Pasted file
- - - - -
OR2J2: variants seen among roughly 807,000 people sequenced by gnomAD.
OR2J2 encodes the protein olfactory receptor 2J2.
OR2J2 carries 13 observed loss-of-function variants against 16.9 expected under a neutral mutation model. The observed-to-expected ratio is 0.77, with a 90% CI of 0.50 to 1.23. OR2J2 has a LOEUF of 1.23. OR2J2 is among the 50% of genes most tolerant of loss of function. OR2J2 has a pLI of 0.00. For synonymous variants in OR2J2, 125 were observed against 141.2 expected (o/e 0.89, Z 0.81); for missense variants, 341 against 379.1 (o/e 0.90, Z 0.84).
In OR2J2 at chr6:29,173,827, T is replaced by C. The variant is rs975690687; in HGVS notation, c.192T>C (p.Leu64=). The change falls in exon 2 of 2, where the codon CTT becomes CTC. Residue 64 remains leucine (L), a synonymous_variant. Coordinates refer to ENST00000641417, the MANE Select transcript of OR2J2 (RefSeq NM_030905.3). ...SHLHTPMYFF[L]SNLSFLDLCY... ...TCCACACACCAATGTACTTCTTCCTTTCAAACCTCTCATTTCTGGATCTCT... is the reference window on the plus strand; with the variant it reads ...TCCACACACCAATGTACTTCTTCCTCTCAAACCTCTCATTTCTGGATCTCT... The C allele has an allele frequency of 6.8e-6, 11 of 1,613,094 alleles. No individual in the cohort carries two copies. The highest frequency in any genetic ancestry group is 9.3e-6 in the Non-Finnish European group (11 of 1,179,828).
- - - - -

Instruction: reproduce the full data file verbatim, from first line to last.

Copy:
OR2J2: variants seen among roughly 807,000 people sequenced by gnomAD.
OR2J2 encodes the protein olfactory receptor 2J2.
OR2J2 carries 13 observed loss-of-function variants against 16.9 expected under a neutral mutation model. The observed-to-expected ratio is 0.77, with a 90% CI of 0.50 to 1.23. OR2J2 has a LOEUF of 1.23. OR2J2 is among the 50% of genes most tolerant of loss of function. OR2J2 has a pLI of 0.00. For synonymous variants in OR2J2, 125 were observed against 141.2 expected (o/e 0.89, Z 0.81); for missense variants, 341 against 379.1 (o/e 0.90, Z 0.84).
In OR2J2 at chr6:29,173,827, T is replaced by C. The variant is rs975690687; in HGVS notation, c.192T>C (p.Leu64=). The change falls in exon 2 of 2, where the codon CTT becomes CTC. Residue 64 remains leucine (L), a synonymous_variant. Coordinates refer to ENST00000641417, the MANE Select transcript of OR2J2 (RefSeq NM_030905.3). ...SHLHTPMYFF[L]SNLSFLDLCY... ...TCCACACACCAATGTACTTCTTCCTTTCAAACCTCTCATTTCTGGATCTCT... is the reference window on the plus strand; with the variant it reads ...TCCACACACCAATGTACTTCTTCCTCTCAAACCTCTCATTTCTGGATCTCT... The C allele has an allele frequency of 6.8e-6, 11 of 1,613,094 alleles. No individual in the cohort carries two copies. The highest frequency in any genetic ancestry group is 9.3e-6 in the Non-Finnish European group (11 of 1,179,828).